Abbas went on to argue that the existence of an opposition, however strong,  is no reason for a state, or its negotiating partner, to refrain from signing a treaty.  He emphasized that he was speaking for the entire Palestinian people – and that, in any case, both parties had agreed that any future peace agreement would have to be “legitimized” by a referendum on each side.

“So why these fears?” demanded Abbas. “There’s no reason for them.”

Abbas is whistling in the wind.  Hamas is no loyal opposition.  It is an extremist terrorist organisation, opposed tooth and nail to any two-state solution, since one of the two states would be Israel.  Is Hamas ever likely to roll over, puppy-like, and submit to the demand to hold a referendum in the Gaza strip on a peace deal with Israel?  If it does not, would any referendum omitting the views of over a million Palestinians be regarded as legitimate? Abbas must surely recognise that if the peace talks do yield a draft agreement, the problem of Hamas, and its illegal seizure of power back in 2007, will have to be dealt with.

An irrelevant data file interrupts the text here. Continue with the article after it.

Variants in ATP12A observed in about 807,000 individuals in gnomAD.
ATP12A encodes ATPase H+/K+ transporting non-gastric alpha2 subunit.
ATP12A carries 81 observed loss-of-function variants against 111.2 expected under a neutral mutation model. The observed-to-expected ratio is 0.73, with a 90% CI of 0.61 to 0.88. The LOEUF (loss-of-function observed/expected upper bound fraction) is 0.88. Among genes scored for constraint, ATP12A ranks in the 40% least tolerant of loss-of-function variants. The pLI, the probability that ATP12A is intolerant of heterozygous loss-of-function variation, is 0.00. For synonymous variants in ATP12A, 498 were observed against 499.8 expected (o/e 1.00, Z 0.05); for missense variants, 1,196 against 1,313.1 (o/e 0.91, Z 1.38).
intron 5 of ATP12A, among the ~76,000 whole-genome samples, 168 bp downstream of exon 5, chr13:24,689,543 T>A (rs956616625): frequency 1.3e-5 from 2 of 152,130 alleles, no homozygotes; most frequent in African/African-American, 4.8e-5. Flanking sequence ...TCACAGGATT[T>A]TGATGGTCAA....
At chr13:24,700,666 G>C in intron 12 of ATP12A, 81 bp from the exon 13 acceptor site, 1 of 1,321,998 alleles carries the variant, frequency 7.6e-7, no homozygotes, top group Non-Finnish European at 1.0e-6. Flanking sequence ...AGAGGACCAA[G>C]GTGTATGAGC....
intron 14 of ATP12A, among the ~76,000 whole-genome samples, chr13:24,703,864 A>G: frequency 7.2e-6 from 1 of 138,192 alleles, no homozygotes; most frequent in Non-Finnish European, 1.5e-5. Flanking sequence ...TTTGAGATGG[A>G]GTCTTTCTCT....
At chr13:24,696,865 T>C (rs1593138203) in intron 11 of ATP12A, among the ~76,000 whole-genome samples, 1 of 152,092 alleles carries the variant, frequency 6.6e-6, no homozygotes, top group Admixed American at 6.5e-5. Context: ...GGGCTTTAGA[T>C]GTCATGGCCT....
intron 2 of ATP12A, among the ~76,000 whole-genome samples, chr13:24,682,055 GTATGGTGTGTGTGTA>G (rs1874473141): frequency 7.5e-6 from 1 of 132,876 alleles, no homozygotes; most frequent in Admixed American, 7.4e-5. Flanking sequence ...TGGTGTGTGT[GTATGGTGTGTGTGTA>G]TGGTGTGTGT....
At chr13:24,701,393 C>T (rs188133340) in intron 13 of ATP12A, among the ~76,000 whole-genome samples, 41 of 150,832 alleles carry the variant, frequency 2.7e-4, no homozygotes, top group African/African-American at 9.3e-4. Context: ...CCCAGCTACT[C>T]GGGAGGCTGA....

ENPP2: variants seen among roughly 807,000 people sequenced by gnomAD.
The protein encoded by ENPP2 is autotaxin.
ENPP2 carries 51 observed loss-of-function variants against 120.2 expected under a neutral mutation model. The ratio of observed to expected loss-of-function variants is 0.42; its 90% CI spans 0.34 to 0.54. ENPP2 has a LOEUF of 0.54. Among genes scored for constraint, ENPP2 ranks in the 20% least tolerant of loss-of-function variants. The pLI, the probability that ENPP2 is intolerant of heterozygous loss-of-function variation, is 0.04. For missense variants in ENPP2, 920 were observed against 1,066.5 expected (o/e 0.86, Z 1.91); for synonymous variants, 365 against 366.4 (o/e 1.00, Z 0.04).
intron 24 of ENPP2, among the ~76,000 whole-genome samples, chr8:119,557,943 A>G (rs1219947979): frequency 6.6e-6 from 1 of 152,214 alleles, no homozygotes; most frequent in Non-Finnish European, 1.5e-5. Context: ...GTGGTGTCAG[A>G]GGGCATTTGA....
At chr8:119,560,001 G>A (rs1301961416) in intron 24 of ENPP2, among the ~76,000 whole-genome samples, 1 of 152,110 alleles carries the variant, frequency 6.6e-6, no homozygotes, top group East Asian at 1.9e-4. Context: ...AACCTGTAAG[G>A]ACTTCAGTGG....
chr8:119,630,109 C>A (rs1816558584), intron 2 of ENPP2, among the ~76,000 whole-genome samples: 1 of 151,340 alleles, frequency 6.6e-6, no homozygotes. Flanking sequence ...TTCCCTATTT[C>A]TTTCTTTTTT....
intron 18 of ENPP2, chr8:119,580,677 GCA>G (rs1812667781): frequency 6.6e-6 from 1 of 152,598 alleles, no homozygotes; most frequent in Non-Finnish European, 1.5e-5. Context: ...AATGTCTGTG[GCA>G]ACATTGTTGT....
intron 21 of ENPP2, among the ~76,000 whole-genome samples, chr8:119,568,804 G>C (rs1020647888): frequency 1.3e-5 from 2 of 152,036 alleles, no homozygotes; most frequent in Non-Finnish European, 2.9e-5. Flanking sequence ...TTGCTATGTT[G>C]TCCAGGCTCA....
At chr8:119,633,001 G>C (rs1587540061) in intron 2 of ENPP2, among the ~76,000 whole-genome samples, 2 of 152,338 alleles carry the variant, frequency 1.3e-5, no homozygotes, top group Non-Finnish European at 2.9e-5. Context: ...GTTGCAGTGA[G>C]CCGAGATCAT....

All the same, and despite the nay-sayers and shroud-wavers, it seems that “deep in the forest, something stirs” – a perception strengthened on October 21 when US Secretary of State John Kerry, addressed a press conference in Paris:

"The two parties have been engaged now in 13 meetings - serious meetings. They had three meetings in the last four days. All the core issues are on the table. And they have been meeting with increased intensity."

That does not sound like wishful thinking, but rather like an authoritative progress report. Only two-and-a half months into the allotted nine, it does not seem beyond the bounds of possibility that, far from breaking up in failure and recrimination, the peace discussions may indeed yield something positive.

Despite all the odds, a feeling of moderate optimism seems justified.

Published in the Jerusalem Post on-line, 23 October 2013:

Published in the Eurasia Review, 23 October 2013: